“Look into what’s already appearing on the search engine results pages—the pages with relevant results that search engines show to users after they enter a query—to gain an understanding of what types of content are likely to appear,” Semrush recommends in a blog post, adding that SERP features bring something new to search results beyond the standard blue links.
4. Go local.
Voice assistants frequently source information from local directories when responding to location-based queries, according to Davis. Ensuring that your Google Business Profile is fully optimized, along with a strong presence in other local directories, is essential for capturing this voice search traffic. By doing so, you not only enhance your visibility in voice search results but also increase the likelihood of being the go-to recommendation.
Voice search skews to local listings primarily because many use it while driving, according to Joe Karasin, founder and chief marketing officer of Karasin PPC, a digital marketing agency based in Michigan. “So optimizing for local SEO will help you win in voice search. This means using locally modified keywords such as ‘best realtor in Chicago’ or ‘bankruptcy attorney near Southgate, Michigan.”
This is best done in the title tag of your content, Karasin adds. The HTML-tagged copy should be more compelling and induce the consumer to want to know more. You can find creative ways to work local SEO into your title tags, such as “What are the top 5 Pho restaurants in Pilsen.” But by optimizing for local search, you will benefit from capturing more voice search queries.
5. Concentrate on natural language queries.
When optimizing for voice search, the most important strategies focus on long-tail natural language queries and personalizing content, says Jason Smit, CEO of Contentellect, a content marketing and SEO agency, who notes these techniques lead to better results and engagement. “You want to solve actual user questions, not target robotic keywords. Providing that truly useful info is how brands can win with voice search,” he says.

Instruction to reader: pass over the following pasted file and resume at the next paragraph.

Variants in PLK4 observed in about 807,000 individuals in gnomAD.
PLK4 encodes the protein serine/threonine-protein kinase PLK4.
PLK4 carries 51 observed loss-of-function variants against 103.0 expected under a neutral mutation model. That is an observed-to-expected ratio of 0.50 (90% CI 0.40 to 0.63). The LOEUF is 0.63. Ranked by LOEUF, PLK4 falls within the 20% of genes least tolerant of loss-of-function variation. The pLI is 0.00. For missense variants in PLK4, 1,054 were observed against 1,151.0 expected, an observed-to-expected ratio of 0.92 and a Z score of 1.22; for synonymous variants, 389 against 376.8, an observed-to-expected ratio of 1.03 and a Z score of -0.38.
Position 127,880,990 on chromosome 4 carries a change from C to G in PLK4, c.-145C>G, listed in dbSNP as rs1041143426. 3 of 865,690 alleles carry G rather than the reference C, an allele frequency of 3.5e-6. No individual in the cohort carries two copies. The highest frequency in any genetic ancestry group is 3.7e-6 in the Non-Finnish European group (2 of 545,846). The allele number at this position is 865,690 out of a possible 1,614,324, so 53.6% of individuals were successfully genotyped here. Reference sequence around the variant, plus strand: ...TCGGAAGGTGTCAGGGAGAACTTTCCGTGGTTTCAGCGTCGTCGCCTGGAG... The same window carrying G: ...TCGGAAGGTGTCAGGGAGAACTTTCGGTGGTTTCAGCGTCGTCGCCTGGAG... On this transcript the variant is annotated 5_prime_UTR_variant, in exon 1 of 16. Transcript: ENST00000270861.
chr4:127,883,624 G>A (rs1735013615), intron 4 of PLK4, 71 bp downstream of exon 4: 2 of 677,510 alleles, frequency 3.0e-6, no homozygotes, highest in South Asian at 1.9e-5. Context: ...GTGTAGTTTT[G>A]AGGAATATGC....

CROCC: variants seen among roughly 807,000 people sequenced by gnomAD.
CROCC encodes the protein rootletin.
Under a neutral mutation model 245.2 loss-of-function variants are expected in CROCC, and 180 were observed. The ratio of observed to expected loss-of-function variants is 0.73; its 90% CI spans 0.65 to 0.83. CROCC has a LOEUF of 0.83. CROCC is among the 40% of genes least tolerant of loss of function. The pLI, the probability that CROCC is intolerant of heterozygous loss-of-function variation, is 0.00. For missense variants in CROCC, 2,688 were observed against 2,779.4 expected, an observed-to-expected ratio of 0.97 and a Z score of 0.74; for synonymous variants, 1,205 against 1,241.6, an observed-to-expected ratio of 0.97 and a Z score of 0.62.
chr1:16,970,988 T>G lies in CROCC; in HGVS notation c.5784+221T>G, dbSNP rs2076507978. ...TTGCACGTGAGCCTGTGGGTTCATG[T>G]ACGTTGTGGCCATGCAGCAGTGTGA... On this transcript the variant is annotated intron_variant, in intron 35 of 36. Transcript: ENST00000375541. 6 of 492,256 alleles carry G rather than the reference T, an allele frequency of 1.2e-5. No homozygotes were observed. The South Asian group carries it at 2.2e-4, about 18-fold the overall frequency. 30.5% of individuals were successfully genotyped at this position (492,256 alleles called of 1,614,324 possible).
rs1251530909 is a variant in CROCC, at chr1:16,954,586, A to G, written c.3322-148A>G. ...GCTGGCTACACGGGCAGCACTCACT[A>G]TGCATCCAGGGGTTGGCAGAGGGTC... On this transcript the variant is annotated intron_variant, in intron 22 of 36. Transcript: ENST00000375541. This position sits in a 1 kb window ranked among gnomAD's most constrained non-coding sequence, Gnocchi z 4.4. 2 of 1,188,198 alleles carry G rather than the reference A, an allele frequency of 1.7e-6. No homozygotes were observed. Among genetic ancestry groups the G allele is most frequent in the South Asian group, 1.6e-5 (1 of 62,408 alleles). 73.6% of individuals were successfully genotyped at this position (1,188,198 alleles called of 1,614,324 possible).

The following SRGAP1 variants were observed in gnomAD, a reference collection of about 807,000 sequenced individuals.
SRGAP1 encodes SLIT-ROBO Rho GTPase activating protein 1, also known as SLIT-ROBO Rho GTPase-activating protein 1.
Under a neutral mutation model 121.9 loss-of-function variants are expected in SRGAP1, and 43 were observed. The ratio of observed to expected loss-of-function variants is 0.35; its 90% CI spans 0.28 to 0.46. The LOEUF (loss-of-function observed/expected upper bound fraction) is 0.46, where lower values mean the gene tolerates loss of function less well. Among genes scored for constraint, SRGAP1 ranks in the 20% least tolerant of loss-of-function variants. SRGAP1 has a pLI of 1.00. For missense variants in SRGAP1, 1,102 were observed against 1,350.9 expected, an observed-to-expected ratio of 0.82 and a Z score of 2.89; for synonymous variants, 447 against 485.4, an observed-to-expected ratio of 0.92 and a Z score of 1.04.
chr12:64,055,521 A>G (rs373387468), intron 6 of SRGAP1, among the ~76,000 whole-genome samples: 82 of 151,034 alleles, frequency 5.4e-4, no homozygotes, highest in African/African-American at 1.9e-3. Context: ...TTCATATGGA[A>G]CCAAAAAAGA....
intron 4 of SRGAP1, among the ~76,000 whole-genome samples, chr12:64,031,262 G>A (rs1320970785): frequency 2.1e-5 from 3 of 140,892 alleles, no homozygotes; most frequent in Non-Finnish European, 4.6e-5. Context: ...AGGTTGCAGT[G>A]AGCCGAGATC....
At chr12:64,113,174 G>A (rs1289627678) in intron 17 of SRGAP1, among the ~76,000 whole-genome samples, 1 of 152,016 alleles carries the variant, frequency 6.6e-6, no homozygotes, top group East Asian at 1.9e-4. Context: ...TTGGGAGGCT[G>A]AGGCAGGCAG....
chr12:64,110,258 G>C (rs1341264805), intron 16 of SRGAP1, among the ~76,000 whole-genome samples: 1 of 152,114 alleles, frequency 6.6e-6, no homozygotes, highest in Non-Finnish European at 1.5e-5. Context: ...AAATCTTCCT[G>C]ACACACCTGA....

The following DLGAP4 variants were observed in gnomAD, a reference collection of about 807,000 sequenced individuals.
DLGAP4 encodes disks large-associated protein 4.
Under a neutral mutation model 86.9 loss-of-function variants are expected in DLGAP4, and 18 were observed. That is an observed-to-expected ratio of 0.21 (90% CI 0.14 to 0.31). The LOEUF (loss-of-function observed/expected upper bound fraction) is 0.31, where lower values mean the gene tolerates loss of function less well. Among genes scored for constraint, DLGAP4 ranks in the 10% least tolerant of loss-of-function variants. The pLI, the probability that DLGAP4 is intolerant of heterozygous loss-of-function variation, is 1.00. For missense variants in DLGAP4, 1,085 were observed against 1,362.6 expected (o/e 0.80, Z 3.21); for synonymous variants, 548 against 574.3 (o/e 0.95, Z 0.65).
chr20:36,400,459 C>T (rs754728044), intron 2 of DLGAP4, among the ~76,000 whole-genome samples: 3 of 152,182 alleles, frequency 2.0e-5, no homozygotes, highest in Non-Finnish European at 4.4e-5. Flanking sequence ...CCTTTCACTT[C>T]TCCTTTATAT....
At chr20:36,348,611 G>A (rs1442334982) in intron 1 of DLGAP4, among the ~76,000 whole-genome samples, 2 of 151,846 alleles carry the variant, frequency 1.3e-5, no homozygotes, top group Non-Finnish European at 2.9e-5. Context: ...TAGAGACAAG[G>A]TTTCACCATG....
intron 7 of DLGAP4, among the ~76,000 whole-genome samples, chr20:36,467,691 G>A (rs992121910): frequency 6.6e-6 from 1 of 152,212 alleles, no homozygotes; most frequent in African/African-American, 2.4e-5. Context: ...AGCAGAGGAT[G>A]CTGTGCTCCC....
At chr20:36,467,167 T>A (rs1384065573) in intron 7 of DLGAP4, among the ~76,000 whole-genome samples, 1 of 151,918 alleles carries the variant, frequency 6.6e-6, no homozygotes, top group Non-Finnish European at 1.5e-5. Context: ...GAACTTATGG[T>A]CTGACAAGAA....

When using voice, people aren’t sitting down to type meticulously crafted keywords, Smit adds. They’re conversing with a device like they would with a friend, with back-and-forth discussion prompts like “Hey Google, how can I get more iron in my diet if I’m vegetarian?” or “Alexa, what’s the best way to get tomato sauce stains out of clothes?”
Search-optimized content unites keywords with natural language that fulfills the user’s intent at every stage of the customer journey, according to Gartner’s Cizio. “The days of using clickbait, self-serving posts, and keyword-stuffed content to rank on a search algorithm will not net page views as they have in the past. Today’s algorithms populate content based not just on keywords but on the creator’s experience, knowledge of the topic, authority, and trustworthiness.”
“Contentellect is always encouraging clients to research the long, conversational questions their customers are actually asking,” Smit adds. “Don’t just target individual keywords. Look for that voice of the customer through surveys, support tickets, social listening. Identify their real needs and pain points.”
Then it’s about creating content that answers their questions clearly and conversationally. Write like you’re speaking to someone who asked for your advice, Smit explains. “Use contractions, first- and second-person language, active voice. Make it helpful and empathetic, almost like you’re continuing the conversation they initiated.”
6. Offer FAQ sections.
Website content also needs to contain more FAQ sections that directly address common questions users might speak out, Switch Jam Digital’s Hilton contends. For example, a hotel in New York might include answers to questions like “Is the hotel pet-friendly?” or “How close is the hotel to a subway station?”
FAQs are typically written in question-and-answer format, which further leans into the recommendations for a natural language approach that might allow a user to initiate a query by asking, “What would you suggest I do with a punctured tire?” Hilton recommends writing the phrase and the answer in a way suited for voice search, without trying to shoehorn the phrasing into the main content copy.
“FAQs are structured data that is easy for search engines to parse and, consequently, this increases the probability of the question and answer being found fast enough to respond to voice search,” Hilton explains.
7. Optimize blog posts and other articles for voice SEO.